Catherine Brown, 14, has had some challenges in horse jumping but now that it’s back on track she’s experiencing great success.

The Elizabethtown High School freshman has enjoyed horses since she was younger, starting with western riding lessons at age 4.

By age 8, Brown decided she wanted to learn to jump and took English riding lessons.

For a while, she didn’t compete but changed her mind when she reached the sixth grade.

“The lesson horse I was riding was injured before the show season began that summer, so I wasn’t able to compete,” she said.

September of her seventh-grade year she got her own horse, Quinn, but the horse sustained a leg injury in January and she wasn’t going to be able to compete until spring.

“By the time her injury was healed, I had broken my shoulder going over a jump on a different horse,” Brown said. “Once both of us were healed, during the fall of my eighth-grade year, my trainer moved to a barn in Louisville.”

The setbacks kept piling on but Brown persisted.

Now 14, Brown spent a couple of months with a different trainer but decided to travel to Louisville to train with her original trainer. By that time, show season was over and she had to wait until the spring of 2020 to compete.

COVID-19 began causing events to cancel, including horse shows. Now, Brown had to wait until summer to compete.

Recently, things began to look up. Her trainer started a business back in Hardin County and on June 1, Brown finally had the chance to compete in her first Hunter Jumper show.

With the pandemic, some things changed in competitions.

“We have to wear masks at all times except while on the horse,” she said, adding there are fewer shows this year because of the pandemic. “No spectators are allowed which makes my grandparents sad.”

By her second show, Brown was a champion.

She competed at Lakeside Arena in Frankfort and won reserve grand champion in both divisions in which she competed. One of those divisions also included adults.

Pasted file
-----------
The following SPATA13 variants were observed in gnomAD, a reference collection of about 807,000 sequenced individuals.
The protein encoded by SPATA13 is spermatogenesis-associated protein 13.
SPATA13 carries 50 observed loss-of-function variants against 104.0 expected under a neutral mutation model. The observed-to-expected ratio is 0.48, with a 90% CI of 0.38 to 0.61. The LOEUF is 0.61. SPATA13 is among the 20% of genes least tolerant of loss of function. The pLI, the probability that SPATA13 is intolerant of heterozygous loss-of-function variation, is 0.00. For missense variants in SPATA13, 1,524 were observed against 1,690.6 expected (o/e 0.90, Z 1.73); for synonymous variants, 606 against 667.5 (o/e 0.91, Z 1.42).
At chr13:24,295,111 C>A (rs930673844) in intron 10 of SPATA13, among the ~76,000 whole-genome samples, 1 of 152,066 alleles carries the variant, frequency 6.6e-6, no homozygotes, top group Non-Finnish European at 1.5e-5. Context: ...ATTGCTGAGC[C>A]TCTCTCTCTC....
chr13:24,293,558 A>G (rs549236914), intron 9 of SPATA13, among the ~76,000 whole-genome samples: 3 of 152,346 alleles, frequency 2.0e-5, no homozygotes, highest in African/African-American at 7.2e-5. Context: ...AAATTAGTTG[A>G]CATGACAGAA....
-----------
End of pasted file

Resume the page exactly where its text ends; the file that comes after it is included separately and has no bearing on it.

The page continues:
“It was nice to know that my skill was equal to theirs,” she said. “The wins boosted my confidence and increased my knowledge and experience in competition.”

Through all the challenges, Brown said she learned patience, perseverance and determination.

“It would have been easier to just forget about trying to compete and just spend time riding for fun, but I was able to gain confidence for two years so that this summer I felt excited and ready to finally compete,” she said. “I also learned how to laugh about the difficulties along the way.”

The win made her want to move up to a higher jump division to challenge herself.

Her mom, Amy Brown, said that as a parent, it’s been fun watching her daughter’s confidence increase.

“I didn’t grow up around horses so I typically get anxious every time she goes over a jump. But in the last few months, my anxiety has decreased as I see her focus and skill increase,” she said. “It’s been a great bonding activity for us as well.”

Amy said the chaos of COVID has changed their lives, school and social settings that could have created a negative impact on her daughter.

“But she’s said more than once that having the chance to ride Quinn is her happy place and it’s what she does to recharge,” Amy said.

Brown enjoys being able to demonstrate her skill as an equestrian at the shows.

“I had been hesitant to try higher jumps since I had never seen how Quinn would handle the competition arena, but my trainer told me recently that she can see a real difference in my confidence,” she said.

Brown jumped her highest fence with Quinn in a lesson recently, 2 feet, 9 inches.

“It felt amazing,” she said.

Brown has started dressage lessons to expand her skill in horsemanship.

She will compete next in the Ken­tucky Hunter Jumper As­so­ci­a­tion Fall Classic at the Kentucky Horse Park this month.

As far as horses go, Brown said she loves everything about them.

“I love riding, I love grooming, I love their personalities – each horse is different,” she said, adding she loves the feel of cantering in a field, especially when she’s had a hard day at school. “I love that they are 1,000-pound animals, but I can control their movement with a slight move of my leg or hand.”

When she’s not riding, she plays saxophone in the marching band, is active in the student ministry at Southeast Christian Church and takes art lessons with Regina Williams in Glendale.

Williams said she first met Brown in the summer of 2012 at her Nolin River Art Camp when Brown was 7.

“I remember her being tiny and so excited about being at art camp,” she said.

She continued coming to camp every summer and began weekly art lessons in 2016 with her best friend, Williams said.

“Creating art is wonderful but getting to do that with your best friend every week just makes it even sweeter,” she said. “I have been blessed to watch young Catherine grow into a beautiful young lady.”

Often, her love for horses and art collide, Williams said.

“I have loved that as I have watched her growth as a young artist,” she said. “Her passions have come out in her art.”

Becca Owsley can be reached at 270-505-1740 or